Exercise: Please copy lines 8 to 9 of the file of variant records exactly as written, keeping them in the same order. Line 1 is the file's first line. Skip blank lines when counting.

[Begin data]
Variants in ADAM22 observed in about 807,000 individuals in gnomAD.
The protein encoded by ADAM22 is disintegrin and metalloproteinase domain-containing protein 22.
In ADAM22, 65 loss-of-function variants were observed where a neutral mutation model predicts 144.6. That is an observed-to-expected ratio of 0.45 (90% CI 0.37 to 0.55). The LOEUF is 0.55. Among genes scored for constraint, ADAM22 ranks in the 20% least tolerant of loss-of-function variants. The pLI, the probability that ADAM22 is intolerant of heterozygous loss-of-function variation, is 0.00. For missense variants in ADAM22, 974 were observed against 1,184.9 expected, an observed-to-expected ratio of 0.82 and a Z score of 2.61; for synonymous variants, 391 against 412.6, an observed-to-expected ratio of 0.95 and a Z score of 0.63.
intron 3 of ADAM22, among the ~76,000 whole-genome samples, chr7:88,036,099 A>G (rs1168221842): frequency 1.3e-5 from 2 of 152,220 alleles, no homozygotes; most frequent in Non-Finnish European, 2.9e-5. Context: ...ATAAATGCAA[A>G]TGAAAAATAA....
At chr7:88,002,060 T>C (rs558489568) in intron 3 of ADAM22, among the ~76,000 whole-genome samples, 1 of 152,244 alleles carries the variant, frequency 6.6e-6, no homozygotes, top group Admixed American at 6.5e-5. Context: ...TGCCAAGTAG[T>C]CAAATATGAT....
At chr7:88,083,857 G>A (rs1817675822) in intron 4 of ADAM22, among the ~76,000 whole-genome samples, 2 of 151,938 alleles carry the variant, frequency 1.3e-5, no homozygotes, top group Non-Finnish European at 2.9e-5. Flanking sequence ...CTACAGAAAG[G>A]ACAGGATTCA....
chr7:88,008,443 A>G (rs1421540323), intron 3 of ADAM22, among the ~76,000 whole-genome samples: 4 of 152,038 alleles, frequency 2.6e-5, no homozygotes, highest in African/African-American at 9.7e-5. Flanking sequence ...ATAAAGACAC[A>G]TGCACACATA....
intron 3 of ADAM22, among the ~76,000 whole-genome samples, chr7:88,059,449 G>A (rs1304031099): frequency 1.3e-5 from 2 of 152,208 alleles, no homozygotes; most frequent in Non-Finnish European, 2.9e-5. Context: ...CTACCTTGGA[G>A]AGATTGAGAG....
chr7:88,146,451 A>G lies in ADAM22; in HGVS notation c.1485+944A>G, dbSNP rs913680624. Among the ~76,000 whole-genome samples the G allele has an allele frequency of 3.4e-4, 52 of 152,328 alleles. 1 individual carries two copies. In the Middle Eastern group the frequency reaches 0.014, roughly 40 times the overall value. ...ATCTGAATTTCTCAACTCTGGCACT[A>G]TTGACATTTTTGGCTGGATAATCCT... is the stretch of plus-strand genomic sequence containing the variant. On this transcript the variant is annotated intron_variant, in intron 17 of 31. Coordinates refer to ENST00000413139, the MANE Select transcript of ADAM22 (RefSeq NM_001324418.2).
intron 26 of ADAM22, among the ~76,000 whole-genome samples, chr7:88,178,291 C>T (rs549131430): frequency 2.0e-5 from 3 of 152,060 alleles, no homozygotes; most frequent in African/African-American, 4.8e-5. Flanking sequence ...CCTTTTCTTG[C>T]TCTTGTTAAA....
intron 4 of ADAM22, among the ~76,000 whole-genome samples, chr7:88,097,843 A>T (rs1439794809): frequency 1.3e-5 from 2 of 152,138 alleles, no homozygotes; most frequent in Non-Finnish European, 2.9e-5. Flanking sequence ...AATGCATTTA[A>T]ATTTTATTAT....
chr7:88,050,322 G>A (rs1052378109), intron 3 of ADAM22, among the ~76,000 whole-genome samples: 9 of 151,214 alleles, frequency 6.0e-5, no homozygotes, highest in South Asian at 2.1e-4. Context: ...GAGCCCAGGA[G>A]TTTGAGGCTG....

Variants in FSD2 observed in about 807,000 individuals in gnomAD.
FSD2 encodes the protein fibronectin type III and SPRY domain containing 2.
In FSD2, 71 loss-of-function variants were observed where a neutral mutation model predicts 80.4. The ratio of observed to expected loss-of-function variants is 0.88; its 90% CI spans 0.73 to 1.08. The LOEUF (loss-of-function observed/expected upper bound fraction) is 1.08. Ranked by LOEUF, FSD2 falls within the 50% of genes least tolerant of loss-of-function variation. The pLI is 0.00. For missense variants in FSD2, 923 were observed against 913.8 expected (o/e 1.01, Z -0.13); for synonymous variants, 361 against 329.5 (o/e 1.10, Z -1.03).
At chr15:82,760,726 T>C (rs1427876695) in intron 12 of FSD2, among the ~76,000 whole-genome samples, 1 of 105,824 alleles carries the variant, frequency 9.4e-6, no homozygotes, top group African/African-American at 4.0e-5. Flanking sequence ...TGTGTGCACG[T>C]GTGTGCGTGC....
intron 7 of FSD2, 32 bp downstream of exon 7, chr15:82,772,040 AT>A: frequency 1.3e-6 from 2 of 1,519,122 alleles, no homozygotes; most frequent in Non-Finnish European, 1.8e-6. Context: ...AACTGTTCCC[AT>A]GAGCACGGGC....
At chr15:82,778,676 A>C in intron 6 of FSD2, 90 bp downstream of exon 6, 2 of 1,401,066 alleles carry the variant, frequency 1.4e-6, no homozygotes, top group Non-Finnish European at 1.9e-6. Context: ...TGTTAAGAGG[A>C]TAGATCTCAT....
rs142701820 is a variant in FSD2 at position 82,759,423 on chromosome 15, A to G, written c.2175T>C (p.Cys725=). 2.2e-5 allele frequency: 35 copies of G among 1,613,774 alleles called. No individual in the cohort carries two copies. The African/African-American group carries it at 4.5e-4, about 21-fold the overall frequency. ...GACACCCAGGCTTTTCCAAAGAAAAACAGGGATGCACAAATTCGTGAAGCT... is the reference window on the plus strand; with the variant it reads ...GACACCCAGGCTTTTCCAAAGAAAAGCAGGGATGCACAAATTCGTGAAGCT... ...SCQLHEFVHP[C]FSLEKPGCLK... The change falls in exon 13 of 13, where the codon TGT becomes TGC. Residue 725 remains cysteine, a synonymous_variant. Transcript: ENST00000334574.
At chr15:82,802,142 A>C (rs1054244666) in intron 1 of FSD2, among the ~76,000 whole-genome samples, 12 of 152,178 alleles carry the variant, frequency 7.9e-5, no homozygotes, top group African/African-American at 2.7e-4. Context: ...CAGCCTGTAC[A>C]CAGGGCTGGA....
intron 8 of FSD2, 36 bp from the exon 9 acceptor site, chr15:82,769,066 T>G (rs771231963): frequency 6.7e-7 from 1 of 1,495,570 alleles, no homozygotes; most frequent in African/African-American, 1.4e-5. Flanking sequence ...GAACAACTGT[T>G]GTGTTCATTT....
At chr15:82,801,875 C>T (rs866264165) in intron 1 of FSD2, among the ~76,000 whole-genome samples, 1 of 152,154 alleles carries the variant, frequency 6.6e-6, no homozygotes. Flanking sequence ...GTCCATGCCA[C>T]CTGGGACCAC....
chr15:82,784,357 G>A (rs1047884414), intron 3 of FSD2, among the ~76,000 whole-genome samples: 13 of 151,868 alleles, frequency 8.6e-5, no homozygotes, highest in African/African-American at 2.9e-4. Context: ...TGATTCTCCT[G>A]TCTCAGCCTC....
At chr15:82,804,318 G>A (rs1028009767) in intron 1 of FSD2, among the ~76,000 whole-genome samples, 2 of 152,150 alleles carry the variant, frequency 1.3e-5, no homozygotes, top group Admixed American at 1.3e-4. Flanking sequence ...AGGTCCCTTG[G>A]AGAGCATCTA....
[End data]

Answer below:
intron 3 of ADAM22, among the ~76,000 whole-genome samples, chr7:88,059,449 G>A (rs1304031099): frequency 1.3e-5 from 2 of 152,208 alleles, no homozygotes; most frequent in Non-Finnish European, 2.9e-5. Context: ...CTACCTTGGA[G>A]AGATTGAGAG....
chr7:88,146,451 A>G lies in ADAM22; in HGVS notation c.1485+944A>G, dbSNP rs913680624. Among the ~76,000 whole-genome samples the G allele has an allele frequency of 3.4e-4, 52 of 152,328 alleles. 1 individual carries two copies. In the Middle Eastern group the frequency reaches 0.014, roughly 40 times the overall value. ...ATCTGAATTTCTCAACTCTGGCACT[A>G]TTGACATTTTTGGCTGGATAATCCT... is the stretch of plus-strand genomic sequence containing the variant. On this transcript the variant is annotated intron_variant, in intron 17 of 31. Coordinates refer to ENST00000413139, the MANE Select transcript of ADAM22 (RefSeq NM_001324418.2).